One argument you often see is that our farmland can easily feed even more people and that our technology will see that famines are a thing of the past. I am going to suggest that this may be an overenthusiastic view of our ability. First, the world is losing a surprising amount of good soil every year, to water and wind erosion. Seawater rising will remove a lot of prime agricultural land, but there is a much worse problem that needs attention. The 18th May edition of Science had some information that might give cause to rethink any optimistic view. Our high intensity agriculture depends on keeping pests, weeds and fungi at bay, and much of that currently depends on the heavy use of certain chemicals. The problem is what we are trying to keep at bay are gradually evolving resistance to our agents.
Looking at fungicides first, there are basically four classes of fungicides licensed for use, and some of these, such as the azoles, have a number of variations, but the variations tend to be those to differentiate the compounds from someone else’s, and to get around patents. The fundamental activity usually comes from one chemical group. As an example from antibiotics, there are a large number of variation on penicillin, but they all have beta lactams, and it is the beta lactams that give the functionality, so when bugs evolve that can tolerate beta lactams, the whole set of such penicillin-like drugs becomes ineffective. For fungi, the industrial scale production of single crops in some regions optimises the chance of a fungus developing a resistance, and there appears to be the possibility of gene transfer between fungi.
This has some other downstream issues. Thus medical advances lead to people having a much better chance of survival through cancer treatments, but they then become more susceptible to fungi. Apparently Candida auris is now resistant to all clinical antifungals, and is a worse threat in hospitals because it can survive most standard decontamination procedures. A number of other fungi are very threatening in clinical situations.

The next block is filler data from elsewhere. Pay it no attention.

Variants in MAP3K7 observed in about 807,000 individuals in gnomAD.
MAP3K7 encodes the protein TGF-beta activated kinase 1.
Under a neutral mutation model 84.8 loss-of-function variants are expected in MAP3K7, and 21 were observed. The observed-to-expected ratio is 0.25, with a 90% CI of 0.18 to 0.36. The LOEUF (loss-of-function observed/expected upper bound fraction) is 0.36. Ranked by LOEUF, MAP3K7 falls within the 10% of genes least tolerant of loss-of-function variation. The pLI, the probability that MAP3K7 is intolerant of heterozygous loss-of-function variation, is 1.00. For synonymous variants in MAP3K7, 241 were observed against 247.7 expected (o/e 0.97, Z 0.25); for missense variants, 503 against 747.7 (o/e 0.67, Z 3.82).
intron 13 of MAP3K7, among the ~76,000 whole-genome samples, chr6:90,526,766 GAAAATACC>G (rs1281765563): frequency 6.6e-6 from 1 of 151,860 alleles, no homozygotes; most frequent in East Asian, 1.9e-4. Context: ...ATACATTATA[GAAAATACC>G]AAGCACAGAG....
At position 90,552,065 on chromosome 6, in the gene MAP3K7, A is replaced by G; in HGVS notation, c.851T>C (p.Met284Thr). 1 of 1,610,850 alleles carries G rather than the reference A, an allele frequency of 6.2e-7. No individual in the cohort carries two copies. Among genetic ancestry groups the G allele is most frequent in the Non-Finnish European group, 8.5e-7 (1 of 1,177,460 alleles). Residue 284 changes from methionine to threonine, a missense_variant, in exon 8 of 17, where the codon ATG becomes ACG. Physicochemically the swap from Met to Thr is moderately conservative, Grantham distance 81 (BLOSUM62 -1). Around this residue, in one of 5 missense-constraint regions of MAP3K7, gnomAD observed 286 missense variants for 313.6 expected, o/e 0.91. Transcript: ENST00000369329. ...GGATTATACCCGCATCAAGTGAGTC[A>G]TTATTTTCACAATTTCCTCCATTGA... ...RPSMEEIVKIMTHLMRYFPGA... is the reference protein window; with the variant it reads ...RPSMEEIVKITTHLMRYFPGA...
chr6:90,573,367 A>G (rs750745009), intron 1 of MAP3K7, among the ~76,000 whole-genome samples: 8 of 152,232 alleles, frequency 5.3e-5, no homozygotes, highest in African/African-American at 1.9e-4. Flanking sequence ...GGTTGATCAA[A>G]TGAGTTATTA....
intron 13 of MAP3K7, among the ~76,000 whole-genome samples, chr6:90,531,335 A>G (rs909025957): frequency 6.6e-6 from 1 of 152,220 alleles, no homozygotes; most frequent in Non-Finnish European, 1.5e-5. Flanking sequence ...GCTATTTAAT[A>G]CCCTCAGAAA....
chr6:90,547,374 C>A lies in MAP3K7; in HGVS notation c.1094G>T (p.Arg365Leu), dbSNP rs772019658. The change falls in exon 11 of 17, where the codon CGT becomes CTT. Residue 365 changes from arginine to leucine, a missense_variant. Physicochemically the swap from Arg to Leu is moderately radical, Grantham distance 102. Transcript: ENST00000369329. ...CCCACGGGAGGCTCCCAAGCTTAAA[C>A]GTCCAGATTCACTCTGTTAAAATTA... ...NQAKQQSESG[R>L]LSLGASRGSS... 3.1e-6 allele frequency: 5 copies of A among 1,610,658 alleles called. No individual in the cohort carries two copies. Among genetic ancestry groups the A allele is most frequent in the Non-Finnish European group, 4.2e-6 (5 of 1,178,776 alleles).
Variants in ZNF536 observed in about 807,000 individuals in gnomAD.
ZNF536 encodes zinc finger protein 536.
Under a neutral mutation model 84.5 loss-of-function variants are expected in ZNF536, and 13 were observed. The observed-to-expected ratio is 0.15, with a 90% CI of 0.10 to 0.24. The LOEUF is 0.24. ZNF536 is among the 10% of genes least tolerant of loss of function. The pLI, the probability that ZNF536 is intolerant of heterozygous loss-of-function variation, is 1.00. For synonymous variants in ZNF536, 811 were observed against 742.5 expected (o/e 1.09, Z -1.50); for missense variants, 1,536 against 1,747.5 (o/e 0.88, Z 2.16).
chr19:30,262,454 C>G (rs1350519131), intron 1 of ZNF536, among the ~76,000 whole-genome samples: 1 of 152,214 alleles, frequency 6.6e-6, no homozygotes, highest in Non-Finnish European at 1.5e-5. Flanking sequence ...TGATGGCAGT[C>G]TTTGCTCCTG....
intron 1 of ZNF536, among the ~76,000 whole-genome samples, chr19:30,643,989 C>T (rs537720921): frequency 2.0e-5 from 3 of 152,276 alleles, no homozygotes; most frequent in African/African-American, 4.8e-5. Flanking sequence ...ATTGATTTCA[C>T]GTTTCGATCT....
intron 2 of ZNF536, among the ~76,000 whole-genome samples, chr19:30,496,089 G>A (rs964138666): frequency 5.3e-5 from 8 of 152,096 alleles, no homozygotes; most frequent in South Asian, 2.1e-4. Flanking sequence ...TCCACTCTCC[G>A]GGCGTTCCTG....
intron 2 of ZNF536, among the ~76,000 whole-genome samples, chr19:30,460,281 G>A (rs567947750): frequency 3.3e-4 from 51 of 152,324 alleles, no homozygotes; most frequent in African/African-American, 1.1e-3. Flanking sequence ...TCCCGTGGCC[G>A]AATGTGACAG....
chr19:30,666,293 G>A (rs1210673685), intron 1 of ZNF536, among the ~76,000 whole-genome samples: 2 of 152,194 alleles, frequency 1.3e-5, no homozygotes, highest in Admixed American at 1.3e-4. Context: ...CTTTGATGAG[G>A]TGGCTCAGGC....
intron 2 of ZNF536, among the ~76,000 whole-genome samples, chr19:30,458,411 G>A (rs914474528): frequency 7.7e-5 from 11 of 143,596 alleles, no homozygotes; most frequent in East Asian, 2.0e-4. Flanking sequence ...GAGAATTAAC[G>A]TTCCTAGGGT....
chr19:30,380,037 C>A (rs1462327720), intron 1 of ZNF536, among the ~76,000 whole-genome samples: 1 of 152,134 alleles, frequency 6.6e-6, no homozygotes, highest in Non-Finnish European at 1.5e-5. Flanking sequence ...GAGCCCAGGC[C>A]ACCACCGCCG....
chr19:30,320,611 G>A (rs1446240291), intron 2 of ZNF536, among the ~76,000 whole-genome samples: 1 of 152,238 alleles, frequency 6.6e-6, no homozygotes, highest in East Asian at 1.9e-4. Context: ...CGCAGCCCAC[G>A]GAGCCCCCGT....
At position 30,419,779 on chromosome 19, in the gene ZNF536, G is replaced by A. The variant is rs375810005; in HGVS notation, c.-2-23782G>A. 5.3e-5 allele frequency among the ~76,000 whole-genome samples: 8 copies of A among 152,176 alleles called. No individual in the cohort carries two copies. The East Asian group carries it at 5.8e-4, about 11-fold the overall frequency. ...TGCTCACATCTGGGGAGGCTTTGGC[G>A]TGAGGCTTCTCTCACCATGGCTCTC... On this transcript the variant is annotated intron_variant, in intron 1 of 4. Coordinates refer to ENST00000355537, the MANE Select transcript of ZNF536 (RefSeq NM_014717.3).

So what can be done about fungi? Obviously, seeking new antifungals is desirable, but this is a slow process because before letting such new chemicals out into the environment, we have to be confident that there will really be benefits and the chemicals are sufficiently effective under all circumstances, and we also need to know there are no unintended consequences.
Insecticides and herbicides (and following the article in Science, these will be collectively termed pesticides) have the same problem. It was estimated that even now the evolution of such resistance costs billions of dollars in the US. With regard to weeds, in 1996 plants were produced that were not harmed by glyphosate, and the effectiveness of this led to over 90% of US maize, soy and cotton being planted with such plants. (Some will recall the fact that some were bred so the plants did not produce viable seed, and further seed had to be purchased from the company that developed the plant.) Now there are at least forty serious weeds that have developed resistance to glyphosate. Plants have been engineered that are resistant to chemicals mimicking previous herbicides but the weeds are defeating that. Weed species have evolved to resist every known herbicide, and no herbicide has been developed with a new mode of action over the last thirty years.
In agriculture, it is easy to see how this situation could arise. When you spray a crop, not every part of every plant gets the same amount of spray. Some of what you don’t want will survive in places where the dose was less than enough. From the farmer’s point of view, this does not matter because enough of the pests have been dealt with that his return is not hurt by the few that survive. However, the fact that some always survive is just what evolution needs to develop life forms capable of resisting the chemicals.
So, what to do? Obviously, more effort is required, but here we meet some problems that might be intractable. Major companies have to invest large amounts of money to provide a possible solution, and they will only do so when there are likely to be guaranteed very large sales. However, to defeat resistance, it is most desirable to pulse agents, thus using agent A one year, agent B the next, and no repeat for a number of years. That maximises the chance of avoiding the generation of further resistance, but what company wants to participate in the sort of sales future? We could try natural procedures and live with the fact that yields are lower, but that implies we really do not want to eat that much more, which in turn suggests population growth needs to be curbed. Unfortunately, there are no easy answers.